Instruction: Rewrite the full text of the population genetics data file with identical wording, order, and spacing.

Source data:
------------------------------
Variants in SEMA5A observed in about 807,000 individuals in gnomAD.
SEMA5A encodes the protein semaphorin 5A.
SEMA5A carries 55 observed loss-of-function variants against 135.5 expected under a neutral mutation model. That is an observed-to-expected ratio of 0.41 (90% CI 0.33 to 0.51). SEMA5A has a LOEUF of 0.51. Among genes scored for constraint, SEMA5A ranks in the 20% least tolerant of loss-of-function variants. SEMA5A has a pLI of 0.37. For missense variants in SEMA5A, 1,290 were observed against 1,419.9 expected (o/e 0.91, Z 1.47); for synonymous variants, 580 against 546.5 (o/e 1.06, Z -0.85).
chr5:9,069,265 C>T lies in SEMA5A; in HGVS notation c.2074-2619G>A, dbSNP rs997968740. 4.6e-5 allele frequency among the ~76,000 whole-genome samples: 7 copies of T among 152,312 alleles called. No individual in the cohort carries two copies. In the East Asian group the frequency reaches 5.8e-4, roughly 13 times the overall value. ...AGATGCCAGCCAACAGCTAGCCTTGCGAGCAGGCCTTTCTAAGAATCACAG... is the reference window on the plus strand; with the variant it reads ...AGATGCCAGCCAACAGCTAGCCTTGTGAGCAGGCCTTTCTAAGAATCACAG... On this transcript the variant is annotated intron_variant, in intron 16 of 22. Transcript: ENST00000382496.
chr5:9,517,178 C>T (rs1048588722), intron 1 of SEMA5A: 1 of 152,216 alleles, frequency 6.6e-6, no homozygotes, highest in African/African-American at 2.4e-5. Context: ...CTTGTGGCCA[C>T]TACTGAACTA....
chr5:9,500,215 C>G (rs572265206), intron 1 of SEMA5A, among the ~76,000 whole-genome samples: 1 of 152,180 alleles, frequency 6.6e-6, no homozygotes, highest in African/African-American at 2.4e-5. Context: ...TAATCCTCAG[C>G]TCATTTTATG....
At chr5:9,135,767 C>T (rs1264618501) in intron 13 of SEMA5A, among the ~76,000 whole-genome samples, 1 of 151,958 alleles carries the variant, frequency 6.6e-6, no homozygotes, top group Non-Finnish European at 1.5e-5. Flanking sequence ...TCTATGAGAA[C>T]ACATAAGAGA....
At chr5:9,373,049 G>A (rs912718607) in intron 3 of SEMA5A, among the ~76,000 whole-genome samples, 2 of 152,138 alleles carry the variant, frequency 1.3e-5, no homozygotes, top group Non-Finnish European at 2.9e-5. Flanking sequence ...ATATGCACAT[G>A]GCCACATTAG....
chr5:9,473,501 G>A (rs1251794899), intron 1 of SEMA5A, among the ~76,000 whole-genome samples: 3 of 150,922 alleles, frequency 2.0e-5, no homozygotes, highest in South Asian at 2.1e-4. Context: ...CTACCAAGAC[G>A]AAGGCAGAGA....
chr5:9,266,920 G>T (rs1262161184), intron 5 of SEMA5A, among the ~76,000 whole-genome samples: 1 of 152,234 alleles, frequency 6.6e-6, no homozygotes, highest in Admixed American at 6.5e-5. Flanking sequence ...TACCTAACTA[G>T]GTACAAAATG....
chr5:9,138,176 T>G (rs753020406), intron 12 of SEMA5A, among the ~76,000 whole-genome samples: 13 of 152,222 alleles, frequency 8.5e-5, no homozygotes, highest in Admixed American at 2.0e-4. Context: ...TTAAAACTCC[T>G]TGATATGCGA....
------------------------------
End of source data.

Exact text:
Variants in SEMA5A observed in about 807,000 individuals in gnomAD.
SEMA5A encodes the protein semaphorin 5A.
SEMA5A carries 55 observed loss-of-function variants against 135.5 expected under a neutral mutation model. That is an observed-to-expected ratio of 0.41 (90% CI 0.33 to 0.51). SEMA5A has a LOEUF of 0.51. Among genes scored for constraint, SEMA5A ranks in the 20% least tolerant of loss-of-function variants. SEMA5A has a pLI of 0.37. For missense variants in SEMA5A, 1,290 were observed against 1,419.9 expected (o/e 0.91, Z 1.47); for synonymous variants, 580 against 546.5 (o/e 1.06, Z -0.85).
chr5:9,069,265 C>T lies in SEMA5A; in HGVS notation c.2074-2619G>A, dbSNP rs997968740. 4.6e-5 allele frequency among the ~76,000 whole-genome samples: 7 copies of T among 152,312 alleles called. No individual in the cohort carries two copies. In the East Asian group the frequency reaches 5.8e-4, roughly 13 times the overall value. ...AGATGCCAGCCAACAGCTAGCCTTGCGAGCAGGCCTTTCTAAGAATCACAG... is the reference window on the plus strand; with the variant it reads ...AGATGCCAGCCAACAGCTAGCCTTGTGAGCAGGCCTTTCTAAGAATCACAG... On this transcript the variant is annotated intron_variant, in intron 16 of 22. Transcript: ENST00000382496.
chr5:9,517,178 C>T (rs1048588722), intron 1 of SEMA5A: 1 of 152,216 alleles, frequency 6.6e-6, no homozygotes, highest in African/African-American at 2.4e-5. Context: ...CTTGTGGCCA[C>T]TACTGAACTA....
chr5:9,500,215 C>G (rs572265206), intron 1 of SEMA5A, among the ~76,000 whole-genome samples: 1 of 152,180 alleles, frequency 6.6e-6, no homozygotes, highest in African/African-American at 2.4e-5. Context: ...TAATCCTCAG[C>G]TCATTTTATG....
At chr5:9,135,767 C>T (rs1264618501) in intron 13 of SEMA5A, among the ~76,000 whole-genome samples, 1 of 151,958 alleles carries the variant, frequency 6.6e-6, no homozygotes, top group Non-Finnish European at 1.5e-5. Flanking sequence ...TCTATGAGAA[C>T]ACATAAGAGA....
At chr5:9,373,049 G>A (rs912718607) in intron 3 of SEMA5A, among the ~76,000 whole-genome samples, 2 of 152,138 alleles carry the variant, frequency 1.3e-5, no homozygotes, top group Non-Finnish European at 2.9e-5. Flanking sequence ...ATATGCACAT[G>A]GCCACATTAG....
chr5:9,473,501 G>A (rs1251794899), intron 1 of SEMA5A, among the ~76,000 whole-genome samples: 3 of 150,922 alleles, frequency 2.0e-5, no homozygotes, highest in South Asian at 2.1e-4. Context: ...CTACCAAGAC[G>A]AAGGCAGAGA....
chr5:9,266,920 G>T (rs1262161184), intron 5 of SEMA5A, among the ~76,000 whole-genome samples: 1 of 152,234 alleles, frequency 6.6e-6, no homozygotes, highest in Admixed American at 6.5e-5. Flanking sequence ...TACCTAACTA[G>T]GTACAAAATG....
chr5:9,138,176 T>G (rs753020406), intron 12 of SEMA5A, among the ~76,000 whole-genome samples: 13 of 152,222 alleles, frequency 8.5e-5, no homozygotes, highest in Admixed American at 2.0e-4. Context: ...TTAAAACTCC[T>G]TGATATGCGA....